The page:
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 2013 F-150 Continues Leadership: Customer Clinics Provide Valuable Insight

DATE: Will be calculated from "Release Start Date" field.

DEARBORN -- One of the ways the Ford truck team listens to its customers is through face-to- face customer clinics, where F-Series owners share their thoughts and experiences directly with the team.
According to Ronnie Ahmad, who organized customer clinics for all major Ford vehicle launches for four years until the end of 2011, F-150 customer clinics are typically held over a weekend in a location where there is an abundance of F-150 customers.  The last one was held in Houston, Texas. 
Ahmad says customers are recruited to participate based on their GQRS (Global Quality Research Study) results, which measure Things Gone Wrong (TGW) and overall customer satisfaction with a vehicle in several categories at the first three months of ownership.  
“We typically have between 90 and 100 customers over a two-day period – Saturday and Sunday – the clinic is split up by sessions usually with 15 to 18 customers every two hours,” said Ahmad. 
Ford Truck Group Marketing Manager Doug Scott says what’s really critical about the customer clinics is that it’s not just the marketing team that participates but rather a huge cross-functional team across truck that includes people from Ford Customer Service Division, Manufacturing and Powertrain to Chassis, Body, Electrical and Interior/Exterior specialists.
“The quality of the feedback and actionable information you get is so much better because you have knowledgeable people asking the right questions,” he said.   
Before customers arrive at the designated location, all of the different functions represented are prepped with their GQRS results as well as any warranty history that has been reported on their vehicles.   
“The process is set up for the customers to remain with their vehicles as the different functional engineers attend to their concerns because we want to make sure right functional engineers talk to them about the specific boxes they checked off in the GQRS survey,” said Ahmad.  “If they had an electrical issue, for example, there would be an electrical engineer talking to them.”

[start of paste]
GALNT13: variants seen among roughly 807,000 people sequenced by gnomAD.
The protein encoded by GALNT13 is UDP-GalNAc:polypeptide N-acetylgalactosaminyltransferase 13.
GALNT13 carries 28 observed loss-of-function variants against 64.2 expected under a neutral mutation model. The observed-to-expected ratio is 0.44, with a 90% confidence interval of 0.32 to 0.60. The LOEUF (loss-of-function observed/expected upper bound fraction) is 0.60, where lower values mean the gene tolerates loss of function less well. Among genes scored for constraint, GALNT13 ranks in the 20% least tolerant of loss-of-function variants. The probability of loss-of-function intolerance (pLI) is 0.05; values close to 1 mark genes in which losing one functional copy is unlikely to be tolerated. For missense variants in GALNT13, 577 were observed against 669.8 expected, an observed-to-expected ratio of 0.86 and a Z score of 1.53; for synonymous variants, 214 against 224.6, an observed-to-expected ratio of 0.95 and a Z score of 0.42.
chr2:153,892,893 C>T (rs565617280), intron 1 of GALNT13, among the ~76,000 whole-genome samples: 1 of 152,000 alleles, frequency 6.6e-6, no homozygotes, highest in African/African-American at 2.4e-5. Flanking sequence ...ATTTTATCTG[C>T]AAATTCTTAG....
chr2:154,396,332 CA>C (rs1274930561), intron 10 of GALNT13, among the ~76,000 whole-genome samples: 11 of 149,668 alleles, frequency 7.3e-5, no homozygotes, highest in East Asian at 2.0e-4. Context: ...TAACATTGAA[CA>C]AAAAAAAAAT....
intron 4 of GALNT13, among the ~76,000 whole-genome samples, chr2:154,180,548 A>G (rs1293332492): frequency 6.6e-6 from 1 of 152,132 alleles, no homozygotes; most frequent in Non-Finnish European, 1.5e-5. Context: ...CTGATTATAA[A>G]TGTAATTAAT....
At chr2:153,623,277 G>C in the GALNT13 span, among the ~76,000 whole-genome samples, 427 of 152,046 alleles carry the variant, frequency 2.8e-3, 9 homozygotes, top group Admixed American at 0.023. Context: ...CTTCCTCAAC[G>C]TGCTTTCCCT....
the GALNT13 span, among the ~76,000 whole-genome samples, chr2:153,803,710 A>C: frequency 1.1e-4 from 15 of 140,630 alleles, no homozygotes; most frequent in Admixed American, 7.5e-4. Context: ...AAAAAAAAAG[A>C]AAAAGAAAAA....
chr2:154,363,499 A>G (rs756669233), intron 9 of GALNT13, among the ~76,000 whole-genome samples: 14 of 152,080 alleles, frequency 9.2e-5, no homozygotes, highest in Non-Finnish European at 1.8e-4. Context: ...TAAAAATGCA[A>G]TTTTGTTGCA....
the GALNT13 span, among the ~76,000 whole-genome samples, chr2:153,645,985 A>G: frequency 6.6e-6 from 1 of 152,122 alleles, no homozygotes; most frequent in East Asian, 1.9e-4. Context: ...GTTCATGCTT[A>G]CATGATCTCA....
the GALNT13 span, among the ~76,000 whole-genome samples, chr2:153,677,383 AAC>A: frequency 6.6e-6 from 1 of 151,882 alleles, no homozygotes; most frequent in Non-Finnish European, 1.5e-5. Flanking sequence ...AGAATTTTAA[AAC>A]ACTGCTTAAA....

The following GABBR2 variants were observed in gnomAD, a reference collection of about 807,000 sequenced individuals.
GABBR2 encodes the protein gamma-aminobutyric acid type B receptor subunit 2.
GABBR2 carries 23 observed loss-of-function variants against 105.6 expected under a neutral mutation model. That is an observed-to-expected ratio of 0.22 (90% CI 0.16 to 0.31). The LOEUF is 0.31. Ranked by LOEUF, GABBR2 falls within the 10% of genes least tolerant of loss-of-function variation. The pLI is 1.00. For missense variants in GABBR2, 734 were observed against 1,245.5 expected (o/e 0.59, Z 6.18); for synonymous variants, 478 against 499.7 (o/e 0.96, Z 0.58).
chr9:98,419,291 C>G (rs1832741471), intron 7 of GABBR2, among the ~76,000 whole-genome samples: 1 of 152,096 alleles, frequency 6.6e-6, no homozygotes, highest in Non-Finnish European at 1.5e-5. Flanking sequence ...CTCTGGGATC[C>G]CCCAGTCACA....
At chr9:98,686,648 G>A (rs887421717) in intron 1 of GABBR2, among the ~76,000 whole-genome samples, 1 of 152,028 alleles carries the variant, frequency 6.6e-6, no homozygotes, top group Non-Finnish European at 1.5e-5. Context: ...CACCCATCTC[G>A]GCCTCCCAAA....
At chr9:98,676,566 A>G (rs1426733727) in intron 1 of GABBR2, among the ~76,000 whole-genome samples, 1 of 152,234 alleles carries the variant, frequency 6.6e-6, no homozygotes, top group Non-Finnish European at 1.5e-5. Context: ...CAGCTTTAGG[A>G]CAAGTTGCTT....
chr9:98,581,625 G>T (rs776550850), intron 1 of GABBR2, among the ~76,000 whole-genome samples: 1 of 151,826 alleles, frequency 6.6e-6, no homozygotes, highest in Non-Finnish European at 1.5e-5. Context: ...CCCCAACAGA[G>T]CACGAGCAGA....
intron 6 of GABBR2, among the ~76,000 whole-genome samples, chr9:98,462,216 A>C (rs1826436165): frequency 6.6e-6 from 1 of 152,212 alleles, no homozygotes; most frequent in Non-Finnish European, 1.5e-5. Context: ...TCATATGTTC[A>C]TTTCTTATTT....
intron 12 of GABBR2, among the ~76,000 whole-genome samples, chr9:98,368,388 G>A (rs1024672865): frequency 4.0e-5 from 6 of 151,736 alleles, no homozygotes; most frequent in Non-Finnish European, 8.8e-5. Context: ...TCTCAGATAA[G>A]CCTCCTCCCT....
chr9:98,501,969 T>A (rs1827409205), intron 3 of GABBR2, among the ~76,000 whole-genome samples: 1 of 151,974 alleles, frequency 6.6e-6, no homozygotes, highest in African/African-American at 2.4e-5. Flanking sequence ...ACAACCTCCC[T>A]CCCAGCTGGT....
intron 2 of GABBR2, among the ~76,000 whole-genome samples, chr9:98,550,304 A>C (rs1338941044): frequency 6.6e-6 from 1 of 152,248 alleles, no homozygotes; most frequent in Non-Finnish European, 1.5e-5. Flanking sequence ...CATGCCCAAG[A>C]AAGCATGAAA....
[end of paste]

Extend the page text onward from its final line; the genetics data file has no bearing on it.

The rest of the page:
Ahmad says the one-on-one communication between the customers is key because sometimes there can be a big differences between what a customer reports and what the problem may actually be with the vehicle.
“The customer may check the box that says ‘slow to cool’ and the engineer might interpret that as meaning that there is a problem with the air conditioning, but in reality it could just be that the customer can’t move their register far enough right or left because it doesn’t maneuver that way,” he said.  “So it may be an issue better addressed by an interior design specialist instead of a climate control engineer.”
Scott says the importance of the one-on-one interaction cannot be overstated.
“It’s very different when a customer can demonstrate a problem because then the engineers can see exactly what’s going on and understand it completely,” he said.  “One of the biggest advantages in my opinion is that it is unfiltered feedback.  There isn’t a layer of somebody interpreting it.  And that makes it very personal and very powerful.”
According to Ahmad, customer feedback from the clinics sometimes results in running changes made to vehicles already in production.  Alternatively, if issues represent a major change, they may be studied for the next major vehicle launch.
“The data is meant to help make future decisions,” he said.  “The goal is always to make the vehicles better than they were before.”
Ahmad points out that it’s not just TGWs that are reported but Things Gone Right as well.
“We want to know what makes our customers happy so that we can continue doing it and make that feature or technology even better,” he said.
When the clinic is complete, Ahmad says all of the customer feedback is put into a comprehensive power point presentation that is delivered to everyone from engineers working on the vehicles all the way up to President of The Americas Mark Fields.
Scott says the customer clinics are a labor of love for the engineers because their participation is voluntary.  
“They’re doing it because they want to deliver the best product they can,” he said.  “So when they’re out there with the truck and listening to somebody whose transmission isn’t right or who is having electrical issues, it’s very real and it hits on those pride points and makes them even more intent on making the trucks better.”

  

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7/11/2012 7:00 AM